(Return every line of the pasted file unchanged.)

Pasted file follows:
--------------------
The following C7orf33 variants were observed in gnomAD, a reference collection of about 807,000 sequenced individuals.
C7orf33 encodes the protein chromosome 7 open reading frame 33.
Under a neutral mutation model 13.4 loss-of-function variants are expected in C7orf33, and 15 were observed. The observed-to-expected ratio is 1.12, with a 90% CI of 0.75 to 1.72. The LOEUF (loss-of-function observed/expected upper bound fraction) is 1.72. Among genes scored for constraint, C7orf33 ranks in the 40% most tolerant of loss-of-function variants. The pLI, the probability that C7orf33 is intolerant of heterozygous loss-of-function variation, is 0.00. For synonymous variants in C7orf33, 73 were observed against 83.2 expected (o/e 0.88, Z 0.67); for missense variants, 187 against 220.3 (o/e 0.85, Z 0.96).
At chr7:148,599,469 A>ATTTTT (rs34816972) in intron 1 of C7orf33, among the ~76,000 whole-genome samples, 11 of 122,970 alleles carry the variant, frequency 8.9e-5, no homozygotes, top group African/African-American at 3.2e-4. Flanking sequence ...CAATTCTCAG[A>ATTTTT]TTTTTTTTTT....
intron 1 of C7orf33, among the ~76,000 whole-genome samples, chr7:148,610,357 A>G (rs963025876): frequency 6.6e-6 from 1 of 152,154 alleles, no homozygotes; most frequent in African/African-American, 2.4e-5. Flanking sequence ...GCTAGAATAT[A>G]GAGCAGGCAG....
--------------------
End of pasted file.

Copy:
The following C7orf33 variants were observed in gnomAD, a reference collection of about 807,000 sequenced individuals.
C7orf33 encodes the protein chromosome 7 open reading frame 33.
Under a neutral mutation model 13.4 loss-of-function variants are expected in C7orf33, and 15 were observed. The observed-to-expected ratio is 1.12, with a 90% CI of 0.75 to 1.72. The LOEUF (loss-of-function observed/expected upper bound fraction) is 1.72. Among genes scored for constraint, C7orf33 ranks in the 40% most tolerant of loss-of-function variants. The pLI, the probability that C7orf33 is intolerant of heterozygous loss-of-function variation, is 0.00. For synonymous variants in C7orf33, 73 were observed against 83.2 expected (o/e 0.88, Z 0.67); for missense variants, 187 against 220.3 (o/e 0.85, Z 0.96).
At chr7:148,599,469 A>ATTTTT (rs34816972) in intron 1 of C7orf33, among the ~76,000 whole-genome samples, 11 of 122,970 alleles carry the variant, frequency 8.9e-5, no homozygotes, top group African/African-American at 3.2e-4. Flanking sequence ...CAATTCTCAG[A>ATTTTT]TTTTTTTTTT....
intron 1 of C7orf33, among the ~76,000 whole-genome samples, chr7:148,610,357 A>G (rs963025876): frequency 6.6e-6 from 1 of 152,154 alleles, no homozygotes; most frequent in African/African-American, 2.4e-5. Flanking sequence ...GCTAGAATAT[A>G]GAGCAGGCAG....